That is the story as I understand it. I have only the haziest picture of the story, because I wasn't there when it happened. I was in South America for a few months, and it was only after I got back that I even learnt there had been a crisis. Therefore, for me, there had been no crisis. Kington's First Law of Journalism: 'News stories which break in your absence did not really happen.'
(Similarly, there must have been people who were sailing single-handedly to America at the time when President Kennedy was shot, and who didn't hear about it for weeks, and who now, whenever people say you can always remember where you were when you heard about Kennedy's death, fall silent because all they can really remember was coming home three weeks later and finding people talking about somebody called President Johnson.)
Anyway, I have just come back from a month's absence during which I have seen no TV and hardly a headline, and here at home I have a fearsome pile of newspapers to catch up on. To show you how long I have been away, I can tell you that when I left home, Kim Il Jong was Public Enemy No 1 and Gerry Adams was Public Enemy No 2. Now, a mere month later, North Korea is not mentioned in any headline, and Gerry Adams has become an elder statesman.
Just before I left, they were actually threatening to deal with the North Korea situation by sending in Jimmy Carter. This must have worked. Kim Il Jong was so aghast at the thought of making small talk with Jimmy Carter, or perhaps at the thought of lots of American helicopters crashing all over the place, that he gave way and agreed to keep out of the headlines for a while. What happened to Gerry Adams I am not so sure, but all over the papers are photographs of Albert Reynolds shaking hands with Gerry Adams, so clearly something is on the mend.
There do not seem to be any photos of John Major shaking hands with Mr Adams, though. Perhaps Mr Major will only shake hands with an actor who is playing the part of Mr Adams. Perhaps Gerry Adams refuses to shake hands with the character who is playing the part of the Prime Minister of Britain. Perhaps they will have to send in Jimmy Carter to shake hands with John Major if nobody else will do it.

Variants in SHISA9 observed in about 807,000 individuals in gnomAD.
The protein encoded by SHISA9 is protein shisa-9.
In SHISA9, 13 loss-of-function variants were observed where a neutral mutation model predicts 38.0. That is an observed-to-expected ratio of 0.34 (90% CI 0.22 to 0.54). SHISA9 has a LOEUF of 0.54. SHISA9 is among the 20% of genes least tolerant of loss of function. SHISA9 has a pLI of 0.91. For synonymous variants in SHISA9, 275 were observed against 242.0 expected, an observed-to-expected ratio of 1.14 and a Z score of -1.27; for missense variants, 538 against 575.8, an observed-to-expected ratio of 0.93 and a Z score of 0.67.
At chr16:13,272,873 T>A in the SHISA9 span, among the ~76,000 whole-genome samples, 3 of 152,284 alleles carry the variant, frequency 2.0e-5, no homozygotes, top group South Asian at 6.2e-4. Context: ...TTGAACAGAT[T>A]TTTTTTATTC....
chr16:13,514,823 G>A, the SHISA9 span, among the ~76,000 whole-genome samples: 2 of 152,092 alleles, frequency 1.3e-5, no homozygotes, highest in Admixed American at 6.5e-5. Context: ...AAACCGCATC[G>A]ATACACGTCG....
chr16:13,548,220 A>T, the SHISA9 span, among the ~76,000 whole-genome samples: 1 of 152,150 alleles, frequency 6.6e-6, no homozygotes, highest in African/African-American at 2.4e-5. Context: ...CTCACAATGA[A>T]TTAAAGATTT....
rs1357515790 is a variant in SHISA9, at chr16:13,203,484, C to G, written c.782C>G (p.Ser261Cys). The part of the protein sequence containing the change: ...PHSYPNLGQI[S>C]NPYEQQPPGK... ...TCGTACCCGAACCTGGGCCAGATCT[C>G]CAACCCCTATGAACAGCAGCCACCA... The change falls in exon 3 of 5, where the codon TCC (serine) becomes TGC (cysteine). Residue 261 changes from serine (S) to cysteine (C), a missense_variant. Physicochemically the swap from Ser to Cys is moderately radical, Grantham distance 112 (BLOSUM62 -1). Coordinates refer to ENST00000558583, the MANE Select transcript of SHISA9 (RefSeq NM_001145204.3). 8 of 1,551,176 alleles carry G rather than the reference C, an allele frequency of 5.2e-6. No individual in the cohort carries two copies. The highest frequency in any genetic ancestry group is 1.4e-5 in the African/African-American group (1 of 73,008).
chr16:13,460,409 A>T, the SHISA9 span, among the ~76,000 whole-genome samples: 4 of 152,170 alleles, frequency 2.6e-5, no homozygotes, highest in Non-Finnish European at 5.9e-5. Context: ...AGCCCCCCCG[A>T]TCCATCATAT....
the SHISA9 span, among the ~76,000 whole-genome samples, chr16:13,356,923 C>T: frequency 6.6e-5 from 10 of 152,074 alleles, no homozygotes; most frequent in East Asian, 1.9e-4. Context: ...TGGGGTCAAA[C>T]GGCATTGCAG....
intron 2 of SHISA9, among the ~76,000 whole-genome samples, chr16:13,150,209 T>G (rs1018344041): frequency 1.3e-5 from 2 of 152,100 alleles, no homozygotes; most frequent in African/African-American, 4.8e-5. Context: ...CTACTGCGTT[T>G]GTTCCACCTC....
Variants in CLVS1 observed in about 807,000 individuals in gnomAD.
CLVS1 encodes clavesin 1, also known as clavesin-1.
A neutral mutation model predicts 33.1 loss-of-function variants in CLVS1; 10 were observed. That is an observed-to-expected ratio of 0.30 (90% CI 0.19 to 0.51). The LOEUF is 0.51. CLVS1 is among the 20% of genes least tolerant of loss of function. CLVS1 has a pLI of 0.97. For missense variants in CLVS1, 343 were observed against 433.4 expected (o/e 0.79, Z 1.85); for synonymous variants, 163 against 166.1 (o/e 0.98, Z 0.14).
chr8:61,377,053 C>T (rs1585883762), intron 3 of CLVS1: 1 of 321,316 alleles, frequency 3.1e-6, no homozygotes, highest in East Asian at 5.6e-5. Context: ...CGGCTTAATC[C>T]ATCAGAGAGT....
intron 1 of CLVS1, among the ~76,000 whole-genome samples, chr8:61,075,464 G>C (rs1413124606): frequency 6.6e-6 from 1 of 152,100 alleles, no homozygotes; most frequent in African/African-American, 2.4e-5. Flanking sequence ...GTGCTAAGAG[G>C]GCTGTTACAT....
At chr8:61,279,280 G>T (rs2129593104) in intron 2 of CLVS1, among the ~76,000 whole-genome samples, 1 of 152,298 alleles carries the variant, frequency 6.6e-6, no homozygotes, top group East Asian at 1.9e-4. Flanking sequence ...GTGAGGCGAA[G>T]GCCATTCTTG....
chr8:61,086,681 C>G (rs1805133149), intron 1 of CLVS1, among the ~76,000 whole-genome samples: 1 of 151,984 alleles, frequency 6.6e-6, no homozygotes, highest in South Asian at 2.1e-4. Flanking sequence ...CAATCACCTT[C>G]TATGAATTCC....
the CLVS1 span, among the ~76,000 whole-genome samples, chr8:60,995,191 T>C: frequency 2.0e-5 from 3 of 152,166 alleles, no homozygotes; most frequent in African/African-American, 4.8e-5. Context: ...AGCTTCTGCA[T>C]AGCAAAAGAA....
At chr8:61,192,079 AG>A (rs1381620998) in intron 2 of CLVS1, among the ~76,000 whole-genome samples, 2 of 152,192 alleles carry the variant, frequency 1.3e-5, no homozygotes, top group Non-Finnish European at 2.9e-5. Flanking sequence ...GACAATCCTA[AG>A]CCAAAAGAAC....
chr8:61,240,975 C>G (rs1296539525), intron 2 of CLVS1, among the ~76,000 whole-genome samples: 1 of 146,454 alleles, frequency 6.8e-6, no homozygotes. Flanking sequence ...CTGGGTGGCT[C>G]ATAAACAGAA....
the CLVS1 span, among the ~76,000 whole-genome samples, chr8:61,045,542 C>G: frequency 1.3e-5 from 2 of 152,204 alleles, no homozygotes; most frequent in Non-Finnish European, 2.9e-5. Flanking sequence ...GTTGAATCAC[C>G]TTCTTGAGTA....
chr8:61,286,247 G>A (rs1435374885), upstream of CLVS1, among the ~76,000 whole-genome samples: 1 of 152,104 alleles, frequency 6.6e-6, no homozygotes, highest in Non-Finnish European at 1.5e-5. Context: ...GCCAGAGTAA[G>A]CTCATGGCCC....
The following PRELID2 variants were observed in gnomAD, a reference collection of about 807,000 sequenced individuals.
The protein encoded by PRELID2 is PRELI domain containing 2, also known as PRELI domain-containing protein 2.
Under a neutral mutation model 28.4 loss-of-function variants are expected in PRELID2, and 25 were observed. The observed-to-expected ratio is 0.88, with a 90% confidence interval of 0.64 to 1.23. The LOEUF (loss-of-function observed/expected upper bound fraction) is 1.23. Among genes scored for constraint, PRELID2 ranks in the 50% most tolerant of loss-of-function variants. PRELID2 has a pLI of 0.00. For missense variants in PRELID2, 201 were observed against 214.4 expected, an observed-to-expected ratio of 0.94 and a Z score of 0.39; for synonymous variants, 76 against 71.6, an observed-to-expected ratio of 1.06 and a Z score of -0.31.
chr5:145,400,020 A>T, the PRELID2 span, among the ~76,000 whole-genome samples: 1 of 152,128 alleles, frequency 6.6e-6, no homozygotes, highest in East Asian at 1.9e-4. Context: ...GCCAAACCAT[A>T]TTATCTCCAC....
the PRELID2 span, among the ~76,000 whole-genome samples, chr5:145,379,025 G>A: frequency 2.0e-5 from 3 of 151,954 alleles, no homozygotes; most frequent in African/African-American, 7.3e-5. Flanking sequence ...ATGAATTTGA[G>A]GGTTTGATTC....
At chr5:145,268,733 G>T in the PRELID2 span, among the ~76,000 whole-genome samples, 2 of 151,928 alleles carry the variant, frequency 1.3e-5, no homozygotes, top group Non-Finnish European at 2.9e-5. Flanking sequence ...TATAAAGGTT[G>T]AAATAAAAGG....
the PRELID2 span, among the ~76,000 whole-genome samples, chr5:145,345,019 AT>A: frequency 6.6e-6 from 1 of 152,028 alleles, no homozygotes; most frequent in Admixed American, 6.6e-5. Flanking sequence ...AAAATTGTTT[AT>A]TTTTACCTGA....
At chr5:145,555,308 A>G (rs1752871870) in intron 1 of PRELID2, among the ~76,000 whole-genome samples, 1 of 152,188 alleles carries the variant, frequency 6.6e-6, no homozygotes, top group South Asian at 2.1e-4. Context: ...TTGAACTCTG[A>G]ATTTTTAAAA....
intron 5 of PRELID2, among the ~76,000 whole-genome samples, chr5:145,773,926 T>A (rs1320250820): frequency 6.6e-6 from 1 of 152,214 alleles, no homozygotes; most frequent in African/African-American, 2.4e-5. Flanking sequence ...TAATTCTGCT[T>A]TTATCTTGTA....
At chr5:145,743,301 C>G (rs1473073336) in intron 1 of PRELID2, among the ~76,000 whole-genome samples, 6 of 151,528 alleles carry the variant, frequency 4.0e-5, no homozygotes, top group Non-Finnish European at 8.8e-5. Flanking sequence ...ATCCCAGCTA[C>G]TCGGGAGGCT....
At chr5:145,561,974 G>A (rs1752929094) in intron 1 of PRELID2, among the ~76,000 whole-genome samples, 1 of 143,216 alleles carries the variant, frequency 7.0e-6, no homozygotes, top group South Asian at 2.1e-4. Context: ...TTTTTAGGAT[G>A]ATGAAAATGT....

Though this seems unlikely, because I gather that Mr Carter is now being sent to talk to the Haitian leaders with the dual intention of a) boring them to death, b) threatening to send in lots of American helicopters to crash all over their already crowded island, which means he will be too busy to come to shake hands with John Major . . .
This Haiti thing being a new development, I have to cast around a bit for some enlightenment, and here on the back of the International Herald Tribune I find a piece by Russell Baker which starts: 'The news was so thin over the weekend that Haiti made the front pages in several newspapers. You can tell an editor has been looking into a bare pantry when he comes back with a Caribbean story. When Haiti is the juiciest Caribbean story going, it feels as if the end of history may be more than a book by Francis Fukuyama.
'As James Reston once observed, 'Americans will do anything for Latin America except read about it'. One of the things we will do for Latin America is rid it of governments that irritate ours and equip it with sensible governments that don't. Since 1961 we have been yearning to do this favour for Cuba, but haven't managed it yet. Haiti, too, has been passed over recently when Yankee-friendly governments were being distributed to Guatemala, El Salvador and Nicaragua . . .'
Just as I am getting into my stride with this bang-up-to-the- minute discussion of whether or not to invade Haiti, I notice the date on the paper. It is 3 July 1993. 1993] This paper has been lying around since my summer holiday last year] And yet it is still bang up-to-date and topical]
Does history repeat itself endlessly? Does the end of history repeat itself endlessly? Is John Major the reincarnation of Jimmy Carter? Is it pronounced Highty or Hayty? All this and more in tomorrow's column.Reuse content